At para ten, the authors acknowledge that the "should'a, could'a, would'a" argument cuts both ways:
"The point can be illustrated in another way by noting that, if a total of just seventeen
individuals spread across five particular dioceses had voted to support the Covenant
rather than oppose it, a bare majority of dioceses would have approved the Covenant,
whereas, if a total of just ten across five other dioceses had voted against instead of in
favour, the diocesan voting against the Covenant would have been much greater
What the report (probably properly) omits is the frankly unethical tactics used in some dioceses to ensure that the "no" side did not get a fair hearing.
At the end of the day, the miracle is not that the aggregate vote was close, but rather that a synodical insurrection with the support of a wee band of bloggers managed to take on the combined organization heft of Lambeth Palace, the Anglican Communion Office and Church House and win.
If Manchester United lost to the children from the local Church of England Primary School, I can assure you that the headlines would not dwell on how ManU kept it close.
Could've, would've, should've. Sorry, Business Committee.
I think the "as if" commentary is quite helpful because it shows just how narrow the vote was and therefore how the church is split right down the middle on this issue.
If anyone seriously considered a resurrection of the process they would only need to refer to this to see that he would have as many people on his side as against him and that the Covenant can therefore never create any kind of unity.
One may only hope that the House of Bishops doesn't fiddle with the figures on the Covenant rejection. A bit of legerdemain can make a difference when people are not looking.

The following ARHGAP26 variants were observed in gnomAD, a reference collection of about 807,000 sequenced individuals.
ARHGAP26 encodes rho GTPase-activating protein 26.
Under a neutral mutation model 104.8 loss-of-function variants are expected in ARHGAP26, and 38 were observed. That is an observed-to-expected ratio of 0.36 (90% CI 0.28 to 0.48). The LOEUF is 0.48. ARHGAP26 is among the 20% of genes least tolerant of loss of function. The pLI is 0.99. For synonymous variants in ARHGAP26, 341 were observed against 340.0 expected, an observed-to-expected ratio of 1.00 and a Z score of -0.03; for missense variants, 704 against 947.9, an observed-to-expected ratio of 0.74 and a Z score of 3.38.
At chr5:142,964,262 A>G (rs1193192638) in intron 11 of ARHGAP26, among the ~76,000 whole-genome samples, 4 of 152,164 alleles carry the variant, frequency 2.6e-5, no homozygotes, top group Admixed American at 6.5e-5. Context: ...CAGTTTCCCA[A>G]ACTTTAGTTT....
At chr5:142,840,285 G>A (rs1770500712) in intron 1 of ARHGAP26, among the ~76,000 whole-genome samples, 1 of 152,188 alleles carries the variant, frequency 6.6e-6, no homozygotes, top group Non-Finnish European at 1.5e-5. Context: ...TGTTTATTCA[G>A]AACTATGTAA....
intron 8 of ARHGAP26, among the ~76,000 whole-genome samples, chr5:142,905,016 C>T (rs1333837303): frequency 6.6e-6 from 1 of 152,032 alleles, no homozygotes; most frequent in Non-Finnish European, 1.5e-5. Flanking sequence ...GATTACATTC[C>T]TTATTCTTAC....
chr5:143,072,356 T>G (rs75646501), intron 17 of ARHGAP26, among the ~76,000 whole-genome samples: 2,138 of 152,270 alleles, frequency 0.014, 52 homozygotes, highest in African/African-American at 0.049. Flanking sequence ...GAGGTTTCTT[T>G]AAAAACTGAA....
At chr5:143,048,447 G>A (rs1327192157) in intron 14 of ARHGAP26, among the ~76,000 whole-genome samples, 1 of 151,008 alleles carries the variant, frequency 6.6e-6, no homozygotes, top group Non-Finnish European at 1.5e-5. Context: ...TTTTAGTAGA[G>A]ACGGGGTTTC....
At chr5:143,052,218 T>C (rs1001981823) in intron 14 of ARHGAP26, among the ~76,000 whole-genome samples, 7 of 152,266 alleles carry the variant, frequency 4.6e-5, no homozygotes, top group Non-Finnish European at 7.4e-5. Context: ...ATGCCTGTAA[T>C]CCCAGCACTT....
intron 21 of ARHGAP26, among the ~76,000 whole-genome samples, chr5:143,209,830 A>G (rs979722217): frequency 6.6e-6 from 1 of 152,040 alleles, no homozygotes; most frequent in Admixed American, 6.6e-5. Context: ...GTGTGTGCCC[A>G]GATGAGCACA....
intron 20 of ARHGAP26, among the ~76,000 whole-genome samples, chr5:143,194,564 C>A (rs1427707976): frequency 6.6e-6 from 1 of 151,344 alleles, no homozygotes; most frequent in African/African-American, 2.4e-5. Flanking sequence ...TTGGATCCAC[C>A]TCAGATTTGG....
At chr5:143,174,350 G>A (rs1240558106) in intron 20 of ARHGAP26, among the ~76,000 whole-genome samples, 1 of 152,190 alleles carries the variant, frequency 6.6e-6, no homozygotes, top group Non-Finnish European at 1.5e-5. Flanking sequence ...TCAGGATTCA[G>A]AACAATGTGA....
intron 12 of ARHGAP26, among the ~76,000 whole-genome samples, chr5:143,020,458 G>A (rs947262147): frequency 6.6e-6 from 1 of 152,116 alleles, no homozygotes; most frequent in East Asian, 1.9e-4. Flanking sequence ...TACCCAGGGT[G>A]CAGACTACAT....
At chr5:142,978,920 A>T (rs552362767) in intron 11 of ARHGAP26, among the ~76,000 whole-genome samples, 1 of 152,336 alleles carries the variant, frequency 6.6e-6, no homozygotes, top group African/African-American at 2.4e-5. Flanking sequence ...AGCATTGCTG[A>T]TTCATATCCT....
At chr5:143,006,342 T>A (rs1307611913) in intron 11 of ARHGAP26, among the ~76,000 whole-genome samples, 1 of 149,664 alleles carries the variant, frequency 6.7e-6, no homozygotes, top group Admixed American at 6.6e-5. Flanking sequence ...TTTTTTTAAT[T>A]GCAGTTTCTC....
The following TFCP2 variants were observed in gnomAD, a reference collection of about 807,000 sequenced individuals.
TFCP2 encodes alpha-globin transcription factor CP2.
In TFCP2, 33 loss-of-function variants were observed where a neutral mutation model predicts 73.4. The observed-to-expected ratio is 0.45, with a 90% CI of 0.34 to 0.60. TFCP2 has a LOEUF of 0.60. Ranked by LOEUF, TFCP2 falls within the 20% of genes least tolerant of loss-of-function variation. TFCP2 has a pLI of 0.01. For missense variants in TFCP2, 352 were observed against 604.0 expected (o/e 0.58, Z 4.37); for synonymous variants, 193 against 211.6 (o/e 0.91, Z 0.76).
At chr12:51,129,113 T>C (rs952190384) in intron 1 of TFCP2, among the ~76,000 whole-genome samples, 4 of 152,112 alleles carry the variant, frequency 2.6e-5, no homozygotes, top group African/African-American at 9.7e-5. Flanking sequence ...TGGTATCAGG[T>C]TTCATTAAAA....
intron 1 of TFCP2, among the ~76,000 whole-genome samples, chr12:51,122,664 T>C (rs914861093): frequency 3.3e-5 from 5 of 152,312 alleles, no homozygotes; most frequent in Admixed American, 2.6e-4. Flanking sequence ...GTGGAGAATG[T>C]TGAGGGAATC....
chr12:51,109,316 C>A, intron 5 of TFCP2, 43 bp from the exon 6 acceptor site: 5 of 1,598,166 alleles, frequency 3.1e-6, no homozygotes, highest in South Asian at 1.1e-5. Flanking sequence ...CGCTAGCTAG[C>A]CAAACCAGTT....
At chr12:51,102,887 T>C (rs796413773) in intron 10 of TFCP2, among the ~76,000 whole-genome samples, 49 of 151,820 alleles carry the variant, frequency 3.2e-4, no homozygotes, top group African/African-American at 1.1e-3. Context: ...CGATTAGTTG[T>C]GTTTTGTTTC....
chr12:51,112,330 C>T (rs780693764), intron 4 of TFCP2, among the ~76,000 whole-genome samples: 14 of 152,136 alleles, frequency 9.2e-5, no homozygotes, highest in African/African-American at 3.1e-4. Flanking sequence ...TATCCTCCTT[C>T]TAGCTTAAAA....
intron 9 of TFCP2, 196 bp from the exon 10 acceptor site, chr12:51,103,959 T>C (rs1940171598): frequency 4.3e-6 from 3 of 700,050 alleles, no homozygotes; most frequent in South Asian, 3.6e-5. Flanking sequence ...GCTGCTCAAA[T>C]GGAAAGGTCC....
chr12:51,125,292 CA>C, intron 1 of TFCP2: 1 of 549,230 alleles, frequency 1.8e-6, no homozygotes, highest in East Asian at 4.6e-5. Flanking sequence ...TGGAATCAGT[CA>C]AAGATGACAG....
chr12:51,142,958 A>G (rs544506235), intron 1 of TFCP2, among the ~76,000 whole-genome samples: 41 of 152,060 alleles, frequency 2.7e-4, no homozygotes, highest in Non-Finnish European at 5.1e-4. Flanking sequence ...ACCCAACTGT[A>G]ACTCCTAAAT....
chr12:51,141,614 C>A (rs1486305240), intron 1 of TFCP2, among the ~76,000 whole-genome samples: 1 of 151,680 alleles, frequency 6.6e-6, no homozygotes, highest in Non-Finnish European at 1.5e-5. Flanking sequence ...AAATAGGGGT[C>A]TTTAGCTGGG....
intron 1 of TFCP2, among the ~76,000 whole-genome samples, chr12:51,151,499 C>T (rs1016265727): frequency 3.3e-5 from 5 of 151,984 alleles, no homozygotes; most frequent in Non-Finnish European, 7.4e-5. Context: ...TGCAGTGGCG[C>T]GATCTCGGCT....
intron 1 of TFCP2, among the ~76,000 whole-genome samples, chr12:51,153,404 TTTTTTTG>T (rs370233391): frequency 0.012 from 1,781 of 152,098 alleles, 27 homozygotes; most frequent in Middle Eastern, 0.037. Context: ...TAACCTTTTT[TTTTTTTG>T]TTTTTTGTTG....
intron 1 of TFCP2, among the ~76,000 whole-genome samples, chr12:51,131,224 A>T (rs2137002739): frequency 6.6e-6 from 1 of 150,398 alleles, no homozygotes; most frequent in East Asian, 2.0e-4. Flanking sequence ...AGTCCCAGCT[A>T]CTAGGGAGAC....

Why can the Church of England not actually admit that the Covenant process has failed - not only in the Church of England Dioceses, but also in most Provinces around the world. It doesn't seem to matter which side of the arguments about gender and sexuality one stands; the outcome is plainly obvious. The Anglican Covenant is a NO-GO.
We have already seen how Bishops can alter the outcome of diocesan synods - and even General Synod - on the issue of women as Bishops. Don't, please, repeat the process with the Covenant.
A resounding Amen to Erika's point. Any document or process designed as a "basic way forward for Anglicanism" should need overwhelming support or it is doomed from the outset. The Covenant debate has introduced more tension, rather than alleviating it. It has given the church something more to argue about. It is a matter of division, not its solution.
There is no way for the House of Bishop to "fiddle with the figures" on covenant rejection. The provisions which allowed the bishops to modify the women bishops legislation do not apply here.
There remains a possibility that somebody will propose starting the process again on the Covenant. That could not now begin until 2013. But whether it makes any sense depends on what the Anglican Consultative Council decides to do about the Covenant at its forthcoming meeting. That too will be reported to the General Synod in November.
Good heavens - this sounds embarrassingly like someone asking for 'best out of three' when they lose the toss.
I can see that the Covenant is (even more) unworkable if the C of E hasn't signed up to it. Rather than trying to find a 'fix' for the inconvenient outcome of the Diocesan Synod votes, is it too much to ask that those who were so keen to push the Covenant ask themselves if those who didn't want it might have a point?
Won't be "best out of three" Pam. Voting will quit the instant they win - if they win.